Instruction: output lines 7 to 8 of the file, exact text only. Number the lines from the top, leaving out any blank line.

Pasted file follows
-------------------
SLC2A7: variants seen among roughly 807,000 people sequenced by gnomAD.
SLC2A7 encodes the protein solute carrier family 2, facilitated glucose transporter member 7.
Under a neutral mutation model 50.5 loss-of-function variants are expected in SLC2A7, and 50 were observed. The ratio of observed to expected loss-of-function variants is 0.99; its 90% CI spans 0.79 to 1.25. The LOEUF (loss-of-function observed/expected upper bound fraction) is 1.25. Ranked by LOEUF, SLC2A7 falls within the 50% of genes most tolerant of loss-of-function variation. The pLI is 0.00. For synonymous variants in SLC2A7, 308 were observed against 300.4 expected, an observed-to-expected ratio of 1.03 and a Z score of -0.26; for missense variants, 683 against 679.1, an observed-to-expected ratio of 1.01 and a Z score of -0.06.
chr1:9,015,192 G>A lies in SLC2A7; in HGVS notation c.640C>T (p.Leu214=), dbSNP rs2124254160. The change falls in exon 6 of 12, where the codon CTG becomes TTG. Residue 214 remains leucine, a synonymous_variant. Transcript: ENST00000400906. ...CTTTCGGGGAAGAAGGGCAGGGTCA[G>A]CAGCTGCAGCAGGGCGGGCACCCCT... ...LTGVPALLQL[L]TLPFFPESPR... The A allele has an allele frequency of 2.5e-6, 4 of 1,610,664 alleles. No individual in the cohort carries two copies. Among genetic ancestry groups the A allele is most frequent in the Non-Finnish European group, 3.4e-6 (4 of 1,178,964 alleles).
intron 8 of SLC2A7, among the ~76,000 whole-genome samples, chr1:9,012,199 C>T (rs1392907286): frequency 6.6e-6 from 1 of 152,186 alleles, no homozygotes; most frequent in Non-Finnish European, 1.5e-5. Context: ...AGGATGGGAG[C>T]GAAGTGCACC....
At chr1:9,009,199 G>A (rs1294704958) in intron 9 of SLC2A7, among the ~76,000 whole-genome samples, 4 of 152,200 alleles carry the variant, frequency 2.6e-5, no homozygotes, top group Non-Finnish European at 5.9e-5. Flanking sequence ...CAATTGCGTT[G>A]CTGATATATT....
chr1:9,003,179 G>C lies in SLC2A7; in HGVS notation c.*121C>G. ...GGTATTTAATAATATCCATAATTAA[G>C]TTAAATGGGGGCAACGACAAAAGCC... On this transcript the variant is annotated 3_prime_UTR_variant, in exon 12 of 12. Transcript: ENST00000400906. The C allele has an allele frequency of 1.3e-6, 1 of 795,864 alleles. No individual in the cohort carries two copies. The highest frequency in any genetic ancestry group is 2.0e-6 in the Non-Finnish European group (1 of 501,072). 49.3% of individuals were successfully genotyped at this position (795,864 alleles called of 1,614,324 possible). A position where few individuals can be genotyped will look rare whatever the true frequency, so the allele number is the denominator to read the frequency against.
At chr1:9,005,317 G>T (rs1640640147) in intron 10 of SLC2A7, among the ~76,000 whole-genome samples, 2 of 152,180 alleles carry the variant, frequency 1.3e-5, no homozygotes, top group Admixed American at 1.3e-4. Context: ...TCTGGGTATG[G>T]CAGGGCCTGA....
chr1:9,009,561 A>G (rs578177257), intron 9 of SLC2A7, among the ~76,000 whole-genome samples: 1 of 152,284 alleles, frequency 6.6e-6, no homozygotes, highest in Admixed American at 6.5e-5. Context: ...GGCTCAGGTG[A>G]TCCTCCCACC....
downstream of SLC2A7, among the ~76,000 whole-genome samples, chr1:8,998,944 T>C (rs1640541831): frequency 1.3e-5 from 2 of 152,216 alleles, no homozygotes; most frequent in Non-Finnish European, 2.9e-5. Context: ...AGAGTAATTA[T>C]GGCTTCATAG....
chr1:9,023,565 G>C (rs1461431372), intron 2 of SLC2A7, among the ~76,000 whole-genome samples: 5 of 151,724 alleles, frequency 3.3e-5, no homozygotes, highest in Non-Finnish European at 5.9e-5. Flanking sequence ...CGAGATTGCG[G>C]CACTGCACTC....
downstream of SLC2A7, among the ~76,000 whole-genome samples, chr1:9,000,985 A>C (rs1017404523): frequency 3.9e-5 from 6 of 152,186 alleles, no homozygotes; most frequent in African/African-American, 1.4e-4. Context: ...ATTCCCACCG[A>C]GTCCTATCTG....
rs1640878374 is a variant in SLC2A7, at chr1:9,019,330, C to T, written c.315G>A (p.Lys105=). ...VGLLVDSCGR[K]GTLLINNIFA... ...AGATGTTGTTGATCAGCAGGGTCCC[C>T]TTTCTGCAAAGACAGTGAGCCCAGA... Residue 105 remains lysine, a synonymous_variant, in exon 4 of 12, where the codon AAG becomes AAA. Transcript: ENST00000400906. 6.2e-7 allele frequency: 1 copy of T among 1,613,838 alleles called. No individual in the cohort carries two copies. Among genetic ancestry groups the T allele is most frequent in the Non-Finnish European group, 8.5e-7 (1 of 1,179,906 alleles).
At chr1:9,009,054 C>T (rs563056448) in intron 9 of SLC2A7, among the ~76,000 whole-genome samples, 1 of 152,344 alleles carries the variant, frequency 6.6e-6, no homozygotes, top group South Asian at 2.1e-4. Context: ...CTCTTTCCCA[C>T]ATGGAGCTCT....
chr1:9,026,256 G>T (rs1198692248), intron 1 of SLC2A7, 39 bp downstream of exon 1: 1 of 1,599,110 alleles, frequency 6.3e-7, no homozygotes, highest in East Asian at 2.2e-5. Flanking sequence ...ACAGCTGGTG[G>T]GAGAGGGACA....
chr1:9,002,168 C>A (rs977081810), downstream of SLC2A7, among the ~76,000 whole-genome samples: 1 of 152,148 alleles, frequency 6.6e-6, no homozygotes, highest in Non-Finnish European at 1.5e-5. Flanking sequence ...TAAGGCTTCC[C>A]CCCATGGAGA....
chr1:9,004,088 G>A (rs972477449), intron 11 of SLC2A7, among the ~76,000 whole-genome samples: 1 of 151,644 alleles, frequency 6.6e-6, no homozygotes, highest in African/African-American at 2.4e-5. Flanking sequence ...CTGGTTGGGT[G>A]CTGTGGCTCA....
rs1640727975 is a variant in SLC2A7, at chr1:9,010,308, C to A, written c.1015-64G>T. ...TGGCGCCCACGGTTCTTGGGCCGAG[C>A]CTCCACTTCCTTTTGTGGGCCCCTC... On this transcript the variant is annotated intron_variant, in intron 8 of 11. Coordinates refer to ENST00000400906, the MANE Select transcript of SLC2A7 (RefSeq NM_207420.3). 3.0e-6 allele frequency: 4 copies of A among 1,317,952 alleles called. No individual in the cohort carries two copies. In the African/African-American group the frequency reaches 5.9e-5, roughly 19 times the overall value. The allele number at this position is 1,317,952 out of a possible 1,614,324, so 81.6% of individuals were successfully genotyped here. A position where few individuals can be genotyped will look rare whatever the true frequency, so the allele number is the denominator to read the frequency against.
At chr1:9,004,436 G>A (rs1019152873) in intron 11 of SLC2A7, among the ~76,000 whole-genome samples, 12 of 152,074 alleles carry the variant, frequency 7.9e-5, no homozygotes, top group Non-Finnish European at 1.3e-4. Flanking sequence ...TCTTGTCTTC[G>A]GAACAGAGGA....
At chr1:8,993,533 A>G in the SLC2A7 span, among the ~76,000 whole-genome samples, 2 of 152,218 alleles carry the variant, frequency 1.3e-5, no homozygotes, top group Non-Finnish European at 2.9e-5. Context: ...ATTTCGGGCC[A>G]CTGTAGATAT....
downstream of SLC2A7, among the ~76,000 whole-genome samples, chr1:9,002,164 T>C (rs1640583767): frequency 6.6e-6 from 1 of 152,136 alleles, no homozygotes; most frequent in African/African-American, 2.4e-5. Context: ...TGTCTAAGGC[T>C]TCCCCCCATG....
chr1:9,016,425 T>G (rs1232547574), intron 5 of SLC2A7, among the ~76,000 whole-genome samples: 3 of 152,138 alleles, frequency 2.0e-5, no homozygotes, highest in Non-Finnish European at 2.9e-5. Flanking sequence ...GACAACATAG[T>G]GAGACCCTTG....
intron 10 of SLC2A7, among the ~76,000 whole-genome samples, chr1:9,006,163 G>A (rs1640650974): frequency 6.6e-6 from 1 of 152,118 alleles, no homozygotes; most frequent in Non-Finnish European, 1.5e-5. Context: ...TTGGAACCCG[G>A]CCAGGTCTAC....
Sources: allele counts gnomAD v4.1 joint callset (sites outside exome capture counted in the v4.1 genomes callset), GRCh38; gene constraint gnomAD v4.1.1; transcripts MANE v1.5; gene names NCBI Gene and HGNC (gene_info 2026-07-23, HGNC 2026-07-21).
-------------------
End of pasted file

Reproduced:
chr1:9,003,179 G>C lies in SLC2A7; in HGVS notation c.*121C>G. ...GGTATTTAATAATATCCATAATTAA[G>C]TTAAATGGGGGCAACGACAAAAGCC... On this transcript the variant is annotated 3_prime_UTR_variant, in exon 12 of 12. Transcript: ENST00000400906. The C allele has an allele frequency of 1.3e-6, 1 of 795,864 alleles. No individual in the cohort carries two copies. The highest frequency in any genetic ancestry group is 2.0e-6 in the Non-Finnish European group (1 of 501,072). 49.3% of individuals were successfully genotyped at this position (795,864 alleles called of 1,614,324 possible). A position where few individuals can be genotyped will look rare whatever the true frequency, so the allele number is the denominator to read the frequency against.
At chr1:9,005,317 G>T (rs1640640147) in intron 10 of SLC2A7, among the ~76,000 whole-genome samples, 2 of 152,180 alleles carry the variant, frequency 1.3e-5, no homozygotes, top group Admixed American at 1.3e-4. Context: ...TCTGGGTATG[G>T]CAGGGCCTGA....